I made it to the first aid station in  32 minutes.  That was pretty fast for me- almost 5 mph.  WAY too fast for what I'm used to running on the trails.  I walked the next couple miles (up a crazy ascent and then through a flat part) while I caught my breath and tried to settle my heart rate.  It takes me a good 1-1.5 hours to even warm up, so I knew I needed to slow it way down in order to not burn all the fuel up at the beginning.
The race was an out and back, so all those people that passed me would soon be coming back at me.  The race leader passed me when I was at about mile 4.5  He was FLYING (that would make him about 4 miles ahead of me going at an unbelievable pace).  I moved over for all of the fast people in front.  If I was running, I would just move over as much as possible.  If I was walking, I would get off the trail for them as they passed.  Then I met the majority of the people and we would both kinda take sides on either side of the (sometimes) narrow singletrack.  It wasn't nearly as bad with people coming at me as it was with people coming up behind me.  I was much less anxious about the crowds as I neared the turnaround.
I hit the turnaround at 1.5 hours.  Not bad for me on the trails.  Sadly, that's about 4 mph, which is about what I average on normal trails- not to mention steep trails with lots of climbing.  The second half of the race was uneventful.  Just the way I like it.  I was alone for much of the time and had plenty of time to just listen to nature, look around (when not looking down) and tune my thoughts out.  For me, that is the most blissful part of trail running; listening, turning my brain off, and just floating along. 
At mile 10 I got really excited because I knew I was almost done.  I was also a little excited because I had managed to not bust my head open on the rocks so far. You have to celebrate the little things in life.
properly kilted and moustached and happy to be (almost) done
The best part about the last few miles was bombing downhills like a runaway truck.  I'm telling you, my Hokas are THE BEST!!! I have never been good at flying downhill without losing control and almost tripping and killing myself.  Not in the Hokas.  I FLEW!  I was not out of control, but I was not totally in control, either.  The Hokas were so good at absorbing the rocks and ruts that I never almost twisted an ankle, never almost tripped, never felt like the ground was reaching up to yank me down.  I truly felt like I was flying.  I had brief moments of what it must be like to be a fast runner, and it was heaven.  I have to admit that being fast might be fun.  For a little while anyway, but then you'd really miss so much because you don't get the chance to take your eyes off the ground and look around at your surroundings.  I truly appreciate that the most when I'm on a trail.  The looking around and taking in all the eye candy.  If I were fast, I would have to miss all that-and who wants to do that???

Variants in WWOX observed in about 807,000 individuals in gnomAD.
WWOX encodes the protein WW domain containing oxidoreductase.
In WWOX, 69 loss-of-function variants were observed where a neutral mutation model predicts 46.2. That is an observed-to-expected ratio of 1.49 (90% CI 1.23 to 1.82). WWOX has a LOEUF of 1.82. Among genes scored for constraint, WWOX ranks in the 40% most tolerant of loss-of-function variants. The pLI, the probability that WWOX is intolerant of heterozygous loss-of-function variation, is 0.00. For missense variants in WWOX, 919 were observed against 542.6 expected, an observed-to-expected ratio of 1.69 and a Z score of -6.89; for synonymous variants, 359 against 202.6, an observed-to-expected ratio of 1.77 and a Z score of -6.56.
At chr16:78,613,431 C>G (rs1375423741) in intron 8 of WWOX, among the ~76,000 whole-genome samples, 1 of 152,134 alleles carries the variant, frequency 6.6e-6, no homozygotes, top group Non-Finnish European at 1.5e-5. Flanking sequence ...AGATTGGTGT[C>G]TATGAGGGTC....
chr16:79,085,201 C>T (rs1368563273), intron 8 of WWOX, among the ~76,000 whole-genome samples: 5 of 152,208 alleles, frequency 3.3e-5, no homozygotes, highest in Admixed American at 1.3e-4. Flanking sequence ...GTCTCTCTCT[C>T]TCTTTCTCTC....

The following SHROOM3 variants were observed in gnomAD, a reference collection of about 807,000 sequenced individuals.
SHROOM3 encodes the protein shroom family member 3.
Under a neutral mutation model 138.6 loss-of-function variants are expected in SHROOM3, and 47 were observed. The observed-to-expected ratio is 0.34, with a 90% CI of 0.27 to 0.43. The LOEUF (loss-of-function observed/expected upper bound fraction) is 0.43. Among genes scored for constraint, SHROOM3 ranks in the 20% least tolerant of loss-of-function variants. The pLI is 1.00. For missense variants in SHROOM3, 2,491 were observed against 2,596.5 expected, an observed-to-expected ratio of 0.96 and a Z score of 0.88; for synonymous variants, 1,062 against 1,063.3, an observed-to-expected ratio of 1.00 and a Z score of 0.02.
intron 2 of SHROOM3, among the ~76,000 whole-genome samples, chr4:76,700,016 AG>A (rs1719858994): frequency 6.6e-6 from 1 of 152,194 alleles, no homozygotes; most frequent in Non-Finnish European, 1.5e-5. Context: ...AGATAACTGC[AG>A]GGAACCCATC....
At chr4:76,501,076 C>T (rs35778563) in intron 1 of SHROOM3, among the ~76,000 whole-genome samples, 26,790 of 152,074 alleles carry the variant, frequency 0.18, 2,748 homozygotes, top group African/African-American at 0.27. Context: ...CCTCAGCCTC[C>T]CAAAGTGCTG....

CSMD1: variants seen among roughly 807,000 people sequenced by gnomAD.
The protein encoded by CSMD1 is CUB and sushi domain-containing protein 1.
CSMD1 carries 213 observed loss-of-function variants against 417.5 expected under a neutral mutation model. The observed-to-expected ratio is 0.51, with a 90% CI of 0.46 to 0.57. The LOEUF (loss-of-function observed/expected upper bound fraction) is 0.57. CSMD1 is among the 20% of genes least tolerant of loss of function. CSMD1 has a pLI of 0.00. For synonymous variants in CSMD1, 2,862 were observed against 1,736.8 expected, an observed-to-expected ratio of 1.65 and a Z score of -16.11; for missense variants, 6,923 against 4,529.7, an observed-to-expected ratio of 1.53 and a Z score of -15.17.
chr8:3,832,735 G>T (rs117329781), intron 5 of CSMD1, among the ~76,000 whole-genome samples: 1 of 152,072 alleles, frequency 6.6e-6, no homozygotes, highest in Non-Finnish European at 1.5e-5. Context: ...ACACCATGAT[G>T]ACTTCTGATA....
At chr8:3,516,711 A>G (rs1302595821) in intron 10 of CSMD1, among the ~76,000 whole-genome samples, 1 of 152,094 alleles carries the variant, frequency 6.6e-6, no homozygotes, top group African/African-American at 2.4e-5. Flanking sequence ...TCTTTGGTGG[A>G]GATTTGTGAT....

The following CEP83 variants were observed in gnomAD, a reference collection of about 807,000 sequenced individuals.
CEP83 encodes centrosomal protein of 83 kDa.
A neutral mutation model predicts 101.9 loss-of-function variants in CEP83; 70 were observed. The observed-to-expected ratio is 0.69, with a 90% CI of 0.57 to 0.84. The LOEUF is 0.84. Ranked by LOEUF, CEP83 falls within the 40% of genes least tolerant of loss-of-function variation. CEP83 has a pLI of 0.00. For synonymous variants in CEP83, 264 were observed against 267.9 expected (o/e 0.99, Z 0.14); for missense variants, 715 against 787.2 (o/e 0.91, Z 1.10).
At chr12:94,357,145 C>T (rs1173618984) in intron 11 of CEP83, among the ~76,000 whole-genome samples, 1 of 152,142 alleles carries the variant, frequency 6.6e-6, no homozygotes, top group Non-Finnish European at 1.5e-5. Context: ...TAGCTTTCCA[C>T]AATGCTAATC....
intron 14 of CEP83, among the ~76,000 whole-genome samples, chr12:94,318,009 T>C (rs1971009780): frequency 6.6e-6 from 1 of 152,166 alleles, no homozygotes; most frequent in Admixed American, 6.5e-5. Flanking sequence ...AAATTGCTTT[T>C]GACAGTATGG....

From the top of Stink Hill
(not the official name, just the name I gave it in honor of the treatment plant below)
I made it across the finish line in 3:19.  Heck- some of you would be appalled with that time and never tell another soul about that horrid finish.  I'm the running turtle- I'm PERFECTLY happy with that time.  As in all my races- I was proud to not come in DFL.  I was 41 of 50 women and 90 of 103 total finishers.  I'll take it!!!  My nickname isn't the Running Hare.  Or Run Speedy Run. 
Most days I'm just glad to finish without bleeding.  This race was no exception.
My medal was pretty cool.  It was one half of the ying/yang design.  My hubs ran the road half, so he got the other half of the ying/yang.  Together we had one cool medal. 
Tulsa Double Half- the easy way.

Run on, turtles!